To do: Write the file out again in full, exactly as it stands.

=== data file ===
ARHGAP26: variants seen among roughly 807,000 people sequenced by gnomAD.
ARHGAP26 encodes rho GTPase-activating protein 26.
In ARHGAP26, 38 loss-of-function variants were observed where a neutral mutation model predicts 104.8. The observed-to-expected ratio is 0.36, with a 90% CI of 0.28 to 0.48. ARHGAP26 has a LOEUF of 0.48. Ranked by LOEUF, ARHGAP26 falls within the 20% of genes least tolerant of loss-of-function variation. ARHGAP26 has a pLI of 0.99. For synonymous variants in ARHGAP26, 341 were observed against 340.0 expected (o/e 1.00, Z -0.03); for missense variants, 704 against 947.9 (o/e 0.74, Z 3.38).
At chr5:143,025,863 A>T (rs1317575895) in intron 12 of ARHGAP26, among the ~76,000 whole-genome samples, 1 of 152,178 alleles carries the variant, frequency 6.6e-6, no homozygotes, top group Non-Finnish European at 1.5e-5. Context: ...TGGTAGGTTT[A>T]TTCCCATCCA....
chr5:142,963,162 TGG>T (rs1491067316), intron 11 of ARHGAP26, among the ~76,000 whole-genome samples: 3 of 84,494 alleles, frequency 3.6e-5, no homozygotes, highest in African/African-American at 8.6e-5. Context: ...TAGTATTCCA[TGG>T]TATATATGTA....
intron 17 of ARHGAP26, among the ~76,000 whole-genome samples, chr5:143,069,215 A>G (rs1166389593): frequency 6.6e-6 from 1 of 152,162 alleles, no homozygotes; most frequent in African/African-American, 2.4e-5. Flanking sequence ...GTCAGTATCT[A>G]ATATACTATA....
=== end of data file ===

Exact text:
ARHGAP26: variants seen among roughly 807,000 people sequenced by gnomAD.
ARHGAP26 encodes rho GTPase-activating protein 26.
In ARHGAP26, 38 loss-of-function variants were observed where a neutral mutation model predicts 104.8. The observed-to-expected ratio is 0.36, with a 90% CI of 0.28 to 0.48. ARHGAP26 has a LOEUF of 0.48. Ranked by LOEUF, ARHGAP26 falls within the 20% of genes least tolerant of loss-of-function variation. ARHGAP26 has a pLI of 0.99. For synonymous variants in ARHGAP26, 341 were observed against 340.0 expected (o/e 1.00, Z -0.03); for missense variants, 704 against 947.9 (o/e 0.74, Z 3.38).
At chr5:143,025,863 A>T (rs1317575895) in intron 12 of ARHGAP26, among the ~76,000 whole-genome samples, 1 of 152,178 alleles carries the variant, frequency 6.6e-6, no homozygotes, top group Non-Finnish European at 1.5e-5. Context: ...TGGTAGGTTT[A>T]TTCCCATCCA....
chr5:142,963,162 TGG>T (rs1491067316), intron 11 of ARHGAP26, among the ~76,000 whole-genome samples: 3 of 84,494 alleles, frequency 3.6e-5, no homozygotes, highest in African/African-American at 8.6e-5. Context: ...TAGTATTCCA[TGG>T]TATATATGTA....
intron 17 of ARHGAP26, among the ~76,000 whole-genome samples, chr5:143,069,215 A>G (rs1166389593): frequency 6.6e-6 from 1 of 152,162 alleles, no homozygotes; most frequent in African/African-American, 2.4e-5. Flanking sequence ...GTCAGTATCT[A>G]ATATACTATA....